TMEP 1202.04(d): Response Options

October 2017 Edition of the TMEP

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1202.04(d)    Response Options

An applicant may respond to a merely informational failure-to-function refusal by submitting evidence demonstrating that the matter is perceived as indicating a single source for the identified goods or services. See In re The Hallicrafters Co., 153 USPQ 376 (TTAB 1967) (reversing the refusal to register QUALITY THROUGH CRAFTSMANSHIP for radio equipment, finding that the wording functioned as a mark because applicant extensively advertised the slogan, using it in the manner of a trademark on the goods, and the examiner failed to show others using the wording).

The amount and nature of evidence that may be sufficient to establish that the matter would be perceived as source indicator rather than merely informational is determined on a case-by-case basis. The more generalized or commonplace and widely used the matter is, the more likely it would be perceived as merely informational and the less likely it would perceived as indicating the source of the relevant goods/services. See In re Eagle Crest, 96 USPQ2d 1227, 1229 (TTAB 2010).

Mere claims of long-time use or substantial sales and advertising generally do not prove recognition of the matter as a mark and will not obviate the failure-to-function refusal. See In re Remington Prods., Inc., 3 USPQ2d 1714, 1715 (TTAB 1987); In re Wakefern Food, Corp., 222 USPQ 76, 79 (TTAB 1984); In re Tilcon Warren, Inc., 221 USPQ 86, 88 (TTAB 1984).

Similarly, submission of an otherwise acceptable specimen bearing the proposed mark, such as a hang tag or label, will not obviate the refusal because the mere fact that the matter appears on a technically good specimen does not mean that it would be perceived as a mark. See D.C. One Wholesaler, Inc., 120 USPQ2d at 1716 (finding that the phrase I ♥ DC "does not create the commercial impression of a source indicator, even when displayed on a hangtag or label"). If the evidence shows that the public would not perceive the proposed mark as serving to indicate the source of the identified goods or services, it does not function as a mark and may not be registered regardless of the manner of use depicted on the specimens or the filing basis on which applicant relies. The examining attorney should not suggest that a substitute specimen be submitted or that the application be amended to an intent-to-use filing basis.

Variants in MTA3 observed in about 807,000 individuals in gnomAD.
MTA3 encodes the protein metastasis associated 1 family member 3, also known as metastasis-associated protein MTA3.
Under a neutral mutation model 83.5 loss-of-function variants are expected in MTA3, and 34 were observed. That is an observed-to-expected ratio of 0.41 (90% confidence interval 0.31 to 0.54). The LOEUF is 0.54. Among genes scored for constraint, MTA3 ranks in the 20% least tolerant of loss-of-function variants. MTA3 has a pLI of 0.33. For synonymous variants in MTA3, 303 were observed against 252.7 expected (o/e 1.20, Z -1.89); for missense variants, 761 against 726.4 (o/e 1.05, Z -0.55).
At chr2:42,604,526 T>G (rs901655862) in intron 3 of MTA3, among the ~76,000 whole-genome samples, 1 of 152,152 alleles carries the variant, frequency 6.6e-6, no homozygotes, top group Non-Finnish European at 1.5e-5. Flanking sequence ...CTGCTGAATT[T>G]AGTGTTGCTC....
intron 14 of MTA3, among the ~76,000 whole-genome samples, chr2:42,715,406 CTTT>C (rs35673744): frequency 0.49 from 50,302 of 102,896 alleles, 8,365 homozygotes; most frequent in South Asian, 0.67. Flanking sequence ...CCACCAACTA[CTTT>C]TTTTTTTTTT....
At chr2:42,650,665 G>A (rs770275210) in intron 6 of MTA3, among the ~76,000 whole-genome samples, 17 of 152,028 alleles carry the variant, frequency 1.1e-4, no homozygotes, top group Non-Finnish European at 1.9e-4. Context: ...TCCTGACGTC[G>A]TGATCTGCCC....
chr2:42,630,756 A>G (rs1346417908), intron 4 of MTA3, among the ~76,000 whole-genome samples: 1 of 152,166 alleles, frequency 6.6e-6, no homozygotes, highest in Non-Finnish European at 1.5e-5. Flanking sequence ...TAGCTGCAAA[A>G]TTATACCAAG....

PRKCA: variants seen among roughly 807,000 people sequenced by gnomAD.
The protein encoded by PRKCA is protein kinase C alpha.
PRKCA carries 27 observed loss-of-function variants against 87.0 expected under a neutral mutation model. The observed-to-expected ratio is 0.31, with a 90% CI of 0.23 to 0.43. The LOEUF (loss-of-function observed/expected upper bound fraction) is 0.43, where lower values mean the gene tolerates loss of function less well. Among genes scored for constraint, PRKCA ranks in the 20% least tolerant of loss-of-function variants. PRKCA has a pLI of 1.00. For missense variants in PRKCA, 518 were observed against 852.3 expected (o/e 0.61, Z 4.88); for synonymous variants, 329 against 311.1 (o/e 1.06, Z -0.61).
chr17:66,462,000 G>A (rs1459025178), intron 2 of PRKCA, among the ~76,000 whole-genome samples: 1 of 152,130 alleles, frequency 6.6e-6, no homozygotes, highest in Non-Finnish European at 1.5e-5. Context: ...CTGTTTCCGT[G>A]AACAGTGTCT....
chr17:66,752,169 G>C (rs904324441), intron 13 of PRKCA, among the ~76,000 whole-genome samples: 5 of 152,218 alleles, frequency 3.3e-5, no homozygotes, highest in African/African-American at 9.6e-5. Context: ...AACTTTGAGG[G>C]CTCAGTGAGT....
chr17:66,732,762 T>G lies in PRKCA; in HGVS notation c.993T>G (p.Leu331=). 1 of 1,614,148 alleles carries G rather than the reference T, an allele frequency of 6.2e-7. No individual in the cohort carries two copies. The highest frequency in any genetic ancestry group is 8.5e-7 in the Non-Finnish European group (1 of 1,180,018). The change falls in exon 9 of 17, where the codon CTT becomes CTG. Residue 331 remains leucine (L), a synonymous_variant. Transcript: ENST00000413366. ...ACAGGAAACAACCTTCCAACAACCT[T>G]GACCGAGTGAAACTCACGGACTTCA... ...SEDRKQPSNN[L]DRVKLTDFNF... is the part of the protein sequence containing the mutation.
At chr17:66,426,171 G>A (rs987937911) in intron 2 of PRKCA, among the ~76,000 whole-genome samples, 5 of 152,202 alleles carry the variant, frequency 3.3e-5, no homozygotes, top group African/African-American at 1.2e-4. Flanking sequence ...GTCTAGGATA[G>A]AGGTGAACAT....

Furthermore, an applicant cannot overcome a failure-to-function refusal issued on the ground that the matter is merely informational by attempting to amend the application to seek registration on the Supplemental Register or pursuant to §2(f). See In re Eagle Crest, 96 USPQ2d at 1229. Matter that does not operate to indicate the source or origin of the identified goods or services and distinguish them from those of others does not meet the statutory definition of a trademark and may not be registered, regardless of claims of acquired distinctiveness or the register on which registration is sought. See In re Boston Beer Co. L.P, 198 F.3d 1370, 53 USPQ2d 1056, 1058 (Fed. Cir. 1999) (finding that the phrase THE BEST BEER IN AMERICA "is so highly laudatory and descriptive of the qualities of its product that the slogan does not and could not function as a trademark" and is incapable of acquiring distinctiveness under section 2(f)); In re Helena Rubinstein, Inc., 410 F.2d 438, 441-42, 161 USPQ 606, 608-09 (C.C.P.A. 1969) (finding PASTEURIZED for face cream as so highly descriptive that it fails to function as a source identifier, noting that a proposed mark "cannot properly be registered as a trademark, even on the Supplemental Register, unless it is intended primarily to indicate origin of the goods and is of such a nature that the ordinary purchaser would be likely to consider that it indicated such origin"); In re Remington Prods., Inc., 3 USPQ2d at 1715 (affirming a failure-to-function refusal and denying a claim of acquired distinctiveness for the mark PROUDLY MADE IN THE USA for electric shavers and parts thereof, noting that applicant’s "substantial sales and advertising of its product... does not provide recognition by the public of the subject slogan as a trademark."); D.C. One Wholesaler, Inc. v. Chien, 120 USPQ2d 1710 (TTAB 2016) (granting petition to cancel a registration on the Supplemental Register because the mark failed to function as a trademark).

See TMEP §714.05(a)(i) regarding amendment to the Supplemental Register or submission of a claim of acquired distinctiveness and §1212.02(i) regarding §2(f) claims as to incapable matter.